Style is a fundamental and ubiquitous aspect of the human experience: Everyone instantly and constantly assesses people and things according to their individual styles, academics establish careers by researching musical, artistic, or architectural styles, and entire industries maintain themselves by continuously creating and marketing new styles. Yet what exactly style is and how it works are elusive: We certainly know it when we see it, but there is no shared and clear understanding of the diverse phenomena that we call style.
The Structure of Style explores this issue from a computational viewpoint, in terms of how information is represented, organized, and transformed in the production and perception of different styles. New computational techniques are now making it possible to model the role of style in the creation of and response to human artifacts—and therefore to develop software systems that directly make use of style in useful ways.
Argamon, Burns, and Dubnov organize the research they have collected in this book according to the three roles that computation can play in stylistics. The first section of the book, Production, provides conceptual foundations by describing computer systems that create artifacts—musical pieces, texts, artworks—in different styles. The second section, Perception, explains methods for analyzing different styles and gleaning useful information, viewing style as a form of communication. The final section, Interaction, deals with reciprocal interaction between style producers and perceivers, in areas such as interactive media, improvised musical accompaniment, and game playing.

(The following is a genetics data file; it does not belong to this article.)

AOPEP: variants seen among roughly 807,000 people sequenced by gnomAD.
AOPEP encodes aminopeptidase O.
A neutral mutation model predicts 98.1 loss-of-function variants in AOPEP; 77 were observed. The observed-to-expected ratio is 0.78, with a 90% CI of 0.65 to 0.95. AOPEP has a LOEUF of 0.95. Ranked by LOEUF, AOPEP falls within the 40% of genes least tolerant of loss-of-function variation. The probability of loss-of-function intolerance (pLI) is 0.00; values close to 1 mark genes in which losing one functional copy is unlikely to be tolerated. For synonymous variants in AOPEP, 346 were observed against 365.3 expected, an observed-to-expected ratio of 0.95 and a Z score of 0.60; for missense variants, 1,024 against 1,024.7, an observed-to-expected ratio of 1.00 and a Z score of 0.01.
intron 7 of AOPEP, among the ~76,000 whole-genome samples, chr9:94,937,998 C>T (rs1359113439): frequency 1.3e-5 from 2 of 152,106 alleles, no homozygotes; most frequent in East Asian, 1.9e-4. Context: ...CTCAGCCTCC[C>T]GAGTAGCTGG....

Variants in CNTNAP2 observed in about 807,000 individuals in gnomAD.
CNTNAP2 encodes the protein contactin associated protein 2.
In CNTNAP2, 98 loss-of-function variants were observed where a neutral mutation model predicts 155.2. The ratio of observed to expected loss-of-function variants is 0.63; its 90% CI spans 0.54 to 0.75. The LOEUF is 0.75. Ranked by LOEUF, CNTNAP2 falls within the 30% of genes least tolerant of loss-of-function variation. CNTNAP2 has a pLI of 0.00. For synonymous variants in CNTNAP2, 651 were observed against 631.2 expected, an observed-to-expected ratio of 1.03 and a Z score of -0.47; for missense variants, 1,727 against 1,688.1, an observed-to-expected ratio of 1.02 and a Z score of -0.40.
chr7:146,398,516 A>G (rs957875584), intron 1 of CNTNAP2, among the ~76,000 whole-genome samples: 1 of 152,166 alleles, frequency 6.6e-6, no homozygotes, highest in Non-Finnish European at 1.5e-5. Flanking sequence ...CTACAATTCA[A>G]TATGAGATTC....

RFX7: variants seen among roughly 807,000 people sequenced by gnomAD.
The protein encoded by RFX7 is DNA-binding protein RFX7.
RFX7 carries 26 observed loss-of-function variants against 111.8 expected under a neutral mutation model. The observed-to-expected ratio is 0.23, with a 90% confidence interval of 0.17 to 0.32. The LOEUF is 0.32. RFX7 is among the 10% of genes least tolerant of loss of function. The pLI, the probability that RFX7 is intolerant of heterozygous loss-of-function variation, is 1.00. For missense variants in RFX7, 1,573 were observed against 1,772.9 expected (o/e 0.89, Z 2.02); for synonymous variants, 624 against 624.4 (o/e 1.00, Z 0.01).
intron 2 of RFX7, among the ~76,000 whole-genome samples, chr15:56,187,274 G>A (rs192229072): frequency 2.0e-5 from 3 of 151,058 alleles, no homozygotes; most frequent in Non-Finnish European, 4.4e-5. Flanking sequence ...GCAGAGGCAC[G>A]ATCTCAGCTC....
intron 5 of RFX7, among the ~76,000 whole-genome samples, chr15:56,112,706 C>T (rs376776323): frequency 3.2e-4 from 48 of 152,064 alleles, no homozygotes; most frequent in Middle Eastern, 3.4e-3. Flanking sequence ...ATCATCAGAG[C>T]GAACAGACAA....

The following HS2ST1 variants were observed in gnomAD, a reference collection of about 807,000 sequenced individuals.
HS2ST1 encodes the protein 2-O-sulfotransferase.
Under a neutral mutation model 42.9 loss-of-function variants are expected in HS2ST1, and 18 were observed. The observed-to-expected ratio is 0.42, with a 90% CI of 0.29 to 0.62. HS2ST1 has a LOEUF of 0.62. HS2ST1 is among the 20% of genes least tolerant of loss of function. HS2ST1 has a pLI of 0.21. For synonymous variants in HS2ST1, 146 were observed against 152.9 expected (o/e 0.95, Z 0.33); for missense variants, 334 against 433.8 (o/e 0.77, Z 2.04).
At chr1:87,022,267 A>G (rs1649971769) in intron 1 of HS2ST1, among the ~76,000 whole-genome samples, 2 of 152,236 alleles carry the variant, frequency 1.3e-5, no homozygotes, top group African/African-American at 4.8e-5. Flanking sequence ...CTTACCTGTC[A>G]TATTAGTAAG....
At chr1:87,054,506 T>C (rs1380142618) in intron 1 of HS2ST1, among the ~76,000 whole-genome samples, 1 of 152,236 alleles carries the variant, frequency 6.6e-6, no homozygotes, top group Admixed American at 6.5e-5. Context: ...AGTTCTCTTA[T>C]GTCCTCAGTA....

The Structure of Style is written for researchers and practitioners in areas including information retrieval, computer art and music, digital humanities, computational linguistics, and artificial intelligence, who can all benefit from this comprehensive overview and in-depth description of current research in this activeinterdisciplinary field.